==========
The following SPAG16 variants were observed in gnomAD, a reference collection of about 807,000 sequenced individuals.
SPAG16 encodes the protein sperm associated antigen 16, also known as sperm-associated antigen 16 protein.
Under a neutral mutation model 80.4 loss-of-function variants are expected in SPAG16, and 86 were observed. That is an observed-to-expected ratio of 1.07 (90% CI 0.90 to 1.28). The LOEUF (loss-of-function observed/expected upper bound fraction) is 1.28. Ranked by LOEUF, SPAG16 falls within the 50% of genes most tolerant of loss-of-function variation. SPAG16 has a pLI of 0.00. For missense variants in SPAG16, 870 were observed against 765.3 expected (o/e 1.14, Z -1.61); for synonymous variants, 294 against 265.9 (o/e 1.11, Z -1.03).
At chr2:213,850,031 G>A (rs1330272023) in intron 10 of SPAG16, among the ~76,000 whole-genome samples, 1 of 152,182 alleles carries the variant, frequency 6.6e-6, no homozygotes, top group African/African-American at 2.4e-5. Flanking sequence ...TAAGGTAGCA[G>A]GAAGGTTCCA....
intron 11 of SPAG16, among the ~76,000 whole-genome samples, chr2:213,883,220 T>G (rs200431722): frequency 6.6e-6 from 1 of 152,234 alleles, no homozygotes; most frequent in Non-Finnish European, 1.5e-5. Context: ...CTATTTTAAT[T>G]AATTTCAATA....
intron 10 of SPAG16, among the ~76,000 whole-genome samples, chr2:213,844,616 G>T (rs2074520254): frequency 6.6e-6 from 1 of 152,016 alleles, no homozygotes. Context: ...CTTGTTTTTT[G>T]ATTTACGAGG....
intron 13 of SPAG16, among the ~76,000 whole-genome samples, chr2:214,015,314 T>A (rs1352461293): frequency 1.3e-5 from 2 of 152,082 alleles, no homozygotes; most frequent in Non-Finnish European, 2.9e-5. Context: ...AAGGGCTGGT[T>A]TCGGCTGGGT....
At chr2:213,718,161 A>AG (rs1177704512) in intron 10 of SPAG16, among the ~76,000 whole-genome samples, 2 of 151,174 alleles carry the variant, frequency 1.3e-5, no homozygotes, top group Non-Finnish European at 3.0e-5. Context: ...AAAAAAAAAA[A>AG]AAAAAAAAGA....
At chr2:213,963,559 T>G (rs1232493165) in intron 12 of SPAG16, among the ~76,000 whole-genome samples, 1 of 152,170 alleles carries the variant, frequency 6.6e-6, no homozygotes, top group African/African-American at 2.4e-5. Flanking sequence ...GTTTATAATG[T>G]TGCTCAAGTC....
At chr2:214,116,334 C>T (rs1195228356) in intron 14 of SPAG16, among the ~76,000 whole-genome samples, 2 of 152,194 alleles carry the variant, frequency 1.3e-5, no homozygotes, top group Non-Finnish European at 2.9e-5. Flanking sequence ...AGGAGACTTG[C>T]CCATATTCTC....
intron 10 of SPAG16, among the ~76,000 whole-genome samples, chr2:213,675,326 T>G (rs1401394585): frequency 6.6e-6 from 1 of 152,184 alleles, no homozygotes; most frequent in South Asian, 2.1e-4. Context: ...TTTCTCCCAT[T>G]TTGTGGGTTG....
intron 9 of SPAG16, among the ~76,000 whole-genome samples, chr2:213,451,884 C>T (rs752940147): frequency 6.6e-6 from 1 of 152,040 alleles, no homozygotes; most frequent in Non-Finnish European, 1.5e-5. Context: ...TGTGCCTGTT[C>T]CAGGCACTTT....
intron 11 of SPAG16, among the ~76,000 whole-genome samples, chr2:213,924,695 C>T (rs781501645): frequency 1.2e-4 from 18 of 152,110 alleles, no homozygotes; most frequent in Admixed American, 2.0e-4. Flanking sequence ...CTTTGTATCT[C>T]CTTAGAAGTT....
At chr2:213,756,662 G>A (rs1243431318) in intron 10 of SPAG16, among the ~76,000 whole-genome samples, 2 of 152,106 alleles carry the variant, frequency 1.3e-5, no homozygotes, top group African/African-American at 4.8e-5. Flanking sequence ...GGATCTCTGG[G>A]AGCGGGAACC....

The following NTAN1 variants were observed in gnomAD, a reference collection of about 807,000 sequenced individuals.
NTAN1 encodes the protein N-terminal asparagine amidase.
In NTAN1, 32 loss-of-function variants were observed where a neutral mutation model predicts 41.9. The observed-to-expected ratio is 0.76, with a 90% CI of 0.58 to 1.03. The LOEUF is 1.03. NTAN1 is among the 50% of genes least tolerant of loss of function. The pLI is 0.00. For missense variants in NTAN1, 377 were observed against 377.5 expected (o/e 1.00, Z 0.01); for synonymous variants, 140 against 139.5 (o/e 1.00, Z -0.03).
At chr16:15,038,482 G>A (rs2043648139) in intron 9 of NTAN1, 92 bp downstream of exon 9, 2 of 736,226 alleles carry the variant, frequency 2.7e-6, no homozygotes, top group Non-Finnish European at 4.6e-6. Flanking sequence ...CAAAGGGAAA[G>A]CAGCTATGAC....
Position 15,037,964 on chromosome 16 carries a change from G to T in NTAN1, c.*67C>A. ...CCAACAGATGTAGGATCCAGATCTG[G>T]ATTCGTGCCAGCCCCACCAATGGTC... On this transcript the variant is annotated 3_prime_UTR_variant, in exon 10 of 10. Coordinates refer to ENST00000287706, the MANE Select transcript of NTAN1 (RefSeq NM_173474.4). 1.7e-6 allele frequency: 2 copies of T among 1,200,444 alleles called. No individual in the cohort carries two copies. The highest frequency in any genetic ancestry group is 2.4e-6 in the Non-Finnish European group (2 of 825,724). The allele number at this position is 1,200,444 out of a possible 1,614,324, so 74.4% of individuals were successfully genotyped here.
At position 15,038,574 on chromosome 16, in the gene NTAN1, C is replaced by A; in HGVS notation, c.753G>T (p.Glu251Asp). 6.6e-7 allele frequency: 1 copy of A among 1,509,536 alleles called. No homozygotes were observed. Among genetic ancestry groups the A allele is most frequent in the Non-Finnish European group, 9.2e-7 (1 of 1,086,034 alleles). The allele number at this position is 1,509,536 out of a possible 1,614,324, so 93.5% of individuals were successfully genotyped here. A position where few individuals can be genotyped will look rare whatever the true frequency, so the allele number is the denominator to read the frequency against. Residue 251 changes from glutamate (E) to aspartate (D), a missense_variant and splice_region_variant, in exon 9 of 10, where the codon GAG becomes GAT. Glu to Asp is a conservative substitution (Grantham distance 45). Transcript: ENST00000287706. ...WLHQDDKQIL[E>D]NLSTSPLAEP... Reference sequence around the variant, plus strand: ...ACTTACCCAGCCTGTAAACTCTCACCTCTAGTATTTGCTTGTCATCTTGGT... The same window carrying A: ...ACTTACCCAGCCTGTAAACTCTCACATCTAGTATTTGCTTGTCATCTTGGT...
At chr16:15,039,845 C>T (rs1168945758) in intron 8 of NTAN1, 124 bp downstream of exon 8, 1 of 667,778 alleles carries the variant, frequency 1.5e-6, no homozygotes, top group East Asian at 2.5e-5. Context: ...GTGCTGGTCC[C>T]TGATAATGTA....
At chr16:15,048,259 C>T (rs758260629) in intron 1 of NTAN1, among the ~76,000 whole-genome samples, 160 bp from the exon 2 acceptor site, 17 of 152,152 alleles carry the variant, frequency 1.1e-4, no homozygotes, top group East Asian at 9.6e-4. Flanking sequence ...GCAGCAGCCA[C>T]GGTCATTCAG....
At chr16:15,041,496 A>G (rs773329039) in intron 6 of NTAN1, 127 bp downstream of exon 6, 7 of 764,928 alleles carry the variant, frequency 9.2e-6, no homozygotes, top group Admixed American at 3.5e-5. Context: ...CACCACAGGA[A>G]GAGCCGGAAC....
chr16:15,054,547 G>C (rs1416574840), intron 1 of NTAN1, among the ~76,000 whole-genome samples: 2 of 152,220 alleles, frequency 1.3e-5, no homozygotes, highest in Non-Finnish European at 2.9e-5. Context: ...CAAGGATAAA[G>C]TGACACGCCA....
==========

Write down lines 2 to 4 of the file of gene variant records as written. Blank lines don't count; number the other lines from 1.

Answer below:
SPAG16 encodes the protein sperm associated antigen 16, also known as sperm-associated antigen 16 protein.
Under a neutral mutation model 80.4 loss-of-function variants are expected in SPAG16, and 86 were observed. That is an observed-to-expected ratio of 1.07 (90% CI 0.90 to 1.28). The LOEUF (loss-of-function observed/expected upper bound fraction) is 1.28. Ranked by LOEUF, SPAG16 falls within the 50% of genes most tolerant of loss-of-function variation. SPAG16 has a pLI of 0.00. For missense variants in SPAG16, 870 were observed against 765.3 expected (o/e 1.14, Z -1.61); for synonymous variants, 294 against 265.9 (o/e 1.11, Z -1.03).
At chr2:213,850,031 G>A (rs1330272023) in intron 10 of SPAG16, among the ~76,000 whole-genome samples, 1 of 152,182 alleles carries the variant, frequency 6.6e-6, no homozygotes, top group African/African-American at 2.4e-5. Flanking sequence ...TAAGGTAGCA[G>A]GAAGGTTCCA....